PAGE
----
Baby bottle measurements wrong, potentially harmful
This is sparking calls for Australia and other countries to introduce and enforce industry standards for bottles to prevent formula fed babies from becoming ill.
For the study, Adjunct Associate-Professor Karleen Gribble from the School of Nursing and Midwifery and her colleagues purchased the entire range of infant feeding bottles available for sale in Australia.
After testing, the team found one in five bottles had at least one marking that was deemed so inaccurate that it would fail to meet the requirements of the only existing standard for bottles in the world, the European standard. Markings underestimated and overestimated actual volumes by as much as 43%.
In addition, 2/5 of the bottles were missing at least one marking for a volume that instructions for reconstituting infant formula require parents to measure. In total, 57% had either inaccurate or missing markings.
"Parents using infant formula are routinely instructed to use the volume markers on the bottles to measure water, but this advice assumes that bottle volume markers are accurate," says Associate Professor Gribble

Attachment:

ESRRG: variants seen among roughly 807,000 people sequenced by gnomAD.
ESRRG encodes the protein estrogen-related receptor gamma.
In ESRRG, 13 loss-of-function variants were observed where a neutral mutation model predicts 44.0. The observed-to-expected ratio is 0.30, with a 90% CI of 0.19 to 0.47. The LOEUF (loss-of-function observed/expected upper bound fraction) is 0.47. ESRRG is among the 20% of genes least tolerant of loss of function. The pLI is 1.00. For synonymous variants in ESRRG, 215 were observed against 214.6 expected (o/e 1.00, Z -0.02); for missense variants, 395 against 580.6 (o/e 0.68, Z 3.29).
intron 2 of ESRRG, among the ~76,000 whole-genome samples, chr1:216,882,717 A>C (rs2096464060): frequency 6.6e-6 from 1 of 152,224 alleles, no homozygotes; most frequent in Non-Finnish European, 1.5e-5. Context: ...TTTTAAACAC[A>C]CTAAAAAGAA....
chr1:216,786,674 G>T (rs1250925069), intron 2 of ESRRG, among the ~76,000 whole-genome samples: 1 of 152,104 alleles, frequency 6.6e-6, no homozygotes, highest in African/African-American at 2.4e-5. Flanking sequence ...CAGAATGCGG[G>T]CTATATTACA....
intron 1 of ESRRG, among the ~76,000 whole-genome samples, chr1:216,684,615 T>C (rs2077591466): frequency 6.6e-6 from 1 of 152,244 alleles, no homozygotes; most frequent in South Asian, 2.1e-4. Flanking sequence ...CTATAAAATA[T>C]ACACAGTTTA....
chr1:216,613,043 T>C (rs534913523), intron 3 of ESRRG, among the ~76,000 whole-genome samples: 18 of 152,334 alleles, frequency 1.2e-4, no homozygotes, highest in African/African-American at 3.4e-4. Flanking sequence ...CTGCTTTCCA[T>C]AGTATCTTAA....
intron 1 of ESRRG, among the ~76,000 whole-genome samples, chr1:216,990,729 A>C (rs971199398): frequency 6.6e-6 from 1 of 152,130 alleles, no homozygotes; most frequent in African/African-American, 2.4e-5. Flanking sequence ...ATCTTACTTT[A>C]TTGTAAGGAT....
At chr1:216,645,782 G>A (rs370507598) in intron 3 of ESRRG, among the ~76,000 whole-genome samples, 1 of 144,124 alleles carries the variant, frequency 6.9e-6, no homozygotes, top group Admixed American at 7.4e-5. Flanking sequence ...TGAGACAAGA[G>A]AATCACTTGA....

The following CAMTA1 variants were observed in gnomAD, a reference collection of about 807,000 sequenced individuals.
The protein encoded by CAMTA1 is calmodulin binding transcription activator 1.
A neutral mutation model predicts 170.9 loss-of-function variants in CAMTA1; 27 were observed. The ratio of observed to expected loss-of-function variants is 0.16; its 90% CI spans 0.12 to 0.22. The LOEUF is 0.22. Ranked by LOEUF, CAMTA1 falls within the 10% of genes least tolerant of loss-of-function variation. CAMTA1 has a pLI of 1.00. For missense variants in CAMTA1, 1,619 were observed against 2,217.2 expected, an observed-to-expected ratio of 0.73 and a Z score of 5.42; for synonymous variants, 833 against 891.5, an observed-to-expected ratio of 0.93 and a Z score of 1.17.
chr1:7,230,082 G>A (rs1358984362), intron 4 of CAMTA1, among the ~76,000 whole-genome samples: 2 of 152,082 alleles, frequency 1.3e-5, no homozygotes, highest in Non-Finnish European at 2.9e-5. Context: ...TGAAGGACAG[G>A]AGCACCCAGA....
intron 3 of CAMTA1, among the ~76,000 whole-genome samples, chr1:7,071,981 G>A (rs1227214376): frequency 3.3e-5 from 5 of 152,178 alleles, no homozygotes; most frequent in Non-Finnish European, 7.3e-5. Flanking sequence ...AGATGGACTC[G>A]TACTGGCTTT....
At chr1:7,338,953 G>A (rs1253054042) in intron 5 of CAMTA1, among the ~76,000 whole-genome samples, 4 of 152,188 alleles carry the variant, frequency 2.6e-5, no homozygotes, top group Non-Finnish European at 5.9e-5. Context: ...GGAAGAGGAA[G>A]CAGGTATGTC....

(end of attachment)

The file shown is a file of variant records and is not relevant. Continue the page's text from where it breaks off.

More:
"Unfortunately, our study has shown these markings on many popular products are either incorrect, or missing entirely."
Of the bottles examined, 41% bottles claimed compliance with the European Standard, 6% with non‐existent Australian standards, and 54% bottles had no standard claim.
The bottles claiming compliance with the European standard were just as likely to be inaccurate as those that made no claim, and expensive bottles were no more accurate. ■
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